Wednesday, February 24, 2021

Veering About

The nearby Project Renaissance apartment, a curator's center, furnishes me with DVDs I should see, or see again. Although I've cut back on movie reviews, that's not for lack of watching.  You may have picked up I'm on another Adam Curtis kick.

One of my Facebook friends was a contemporary of Russell Brand's in Miami.  Russell's interview with Adam Curtis serves as a jumping off point for my latest video.

The genre "the making of" or "behind the scenes with" is often more entertaining than the film itself. Werner Herzog has some fun with the genre in The Making of Fitzcarraldo as I've blogged about before.

Glenn assures me "the making of" Slumdog Millionaire will delight me.

Then we dove into James Thurber, because the sketchiness of his cartoons reminded Glenn of Mr. McGoo, never seeing things quite right, but on the other hand, it worked for him.

This morning, I was reading an analysis, by Serena Mocci, of Margaret Fuller's somewhat conflicted "reports back home" from a conflicted Italy. Liberal democracies were yearning to breathe free, and America should prove a strong ally in any such endeavor, despite having become a slave state empire, about to swallow the Mexican states.  

There's still some good in there somewhere, that could express itself vicariously, by backing the legitimate struggles of Rome. Send donations, you liberals back home.

Wednesday, February 17, 2021

Remarks on Curriculum

Categorization of Polyhedra

I've returned to an old theme for me:  tabular recordkeeping is at the core of civilization (silly-vization), and today that means getting steeped in databases, not just Excel.  Those who lose touch with tabular bookkeeping, drop out of the middle class, according to this theory.

Whereas I consider a school "elite" for offering SQL to middle and high schoolers, that's not the right standard.  That's like saying HTML, English grammar, parts of speech, times tables, are all dispensable, now that we have cartoons. I may have felt that way as a kid, as I adored cartoons and HTML was not yet invented, but looking back, I see "passing the torch" as a matter of relevant skills sharing, not only, but including.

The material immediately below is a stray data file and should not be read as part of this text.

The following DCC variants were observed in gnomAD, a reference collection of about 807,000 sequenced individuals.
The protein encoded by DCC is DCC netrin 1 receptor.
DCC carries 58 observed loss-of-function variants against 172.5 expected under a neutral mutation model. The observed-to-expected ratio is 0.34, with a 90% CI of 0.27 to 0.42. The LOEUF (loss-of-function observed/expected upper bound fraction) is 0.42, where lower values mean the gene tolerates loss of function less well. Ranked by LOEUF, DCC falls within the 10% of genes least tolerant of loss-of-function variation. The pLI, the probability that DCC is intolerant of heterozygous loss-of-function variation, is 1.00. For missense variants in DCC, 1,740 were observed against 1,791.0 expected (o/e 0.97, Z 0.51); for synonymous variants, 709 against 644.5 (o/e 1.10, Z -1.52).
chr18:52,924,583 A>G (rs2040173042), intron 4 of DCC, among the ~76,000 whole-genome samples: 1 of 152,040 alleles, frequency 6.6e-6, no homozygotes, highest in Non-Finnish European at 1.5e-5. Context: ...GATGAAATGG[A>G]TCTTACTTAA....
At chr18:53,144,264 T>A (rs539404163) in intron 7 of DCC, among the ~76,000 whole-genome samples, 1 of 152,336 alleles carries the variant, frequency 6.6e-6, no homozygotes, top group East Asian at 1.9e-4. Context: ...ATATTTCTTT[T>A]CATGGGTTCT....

The compromise, for me, would be more didactic cartoons, puppets and so on.  Big Bird never taught us about complex numbers and none of the muppets shares SQL.  Why?  Sometimes it seems the more vital the knowledge, the drier the bones.  Scare away the most imaginative and you'll have your ideal labor pool of the most compliant, seems to be the filtering mechanism.

Our sandbox is for learning SQL is of course SQLite3, given Python as sqlite3 built right in.  

This isn't just a practice space, but a place to maintain legitimate files.  The personal workspace of today and tomorrow has long included an electronic file tree, and those forced to adulthood with now exposure to filesystem trees have been cast by the caste system as people without office skills.  We call it the Digital Divide. 

You won't get to hold office if you have no office skills (e.g. SQL).  The school system helps separate the two groups, often without letting on that this is what it is doing.

Lists of airports, favorite websites, stamps, coins... the literature is packed with examples, more or less practical.  SQL is a whole separate language from Python, and seeing them both happening at once, in a single script, is most instructive.

On top of all this promotion of SQL in grade school, I put spatial geometry as a topic.  The polyhedrons, in particular, need to be filed away in various ways, and retrieved accordingly.  The inventory each has, of corners, faces, edges (V + F = E + 2) is an obvious starting place, followed by tags alluding to category, such as Archimedean, Platonic.

Do we endeavor to include Volume as a column?  Given an edge length, why not?  In fact, we might even carry two volume columns, as our "elite" curriculum is fluent around tetravolumes as well as XYZ volumes.  In fact, those Jupyter Notebook examples are done, open source, available.


Thursday, February 11, 2021

Bellingham Museum of Chemical and Biological Munitions

Getting the timelines right, regarding the treaties and so on, is the next step. The photographic inventory is less important at this point. 

Some exhibits feature controversies without forcing the viewer into a point of view e.g. Douma (OPCW scandal), Skripals (novichok on door knob), Navalny (novichok in underwear).

We find lots of deception when it comes to who is short-circuiting what agreements, and so the museum has to structure some of the exhibits as debates among competing theories of truth.

Monday, February 08, 2021

American History Lesson

Dymaxion House Interior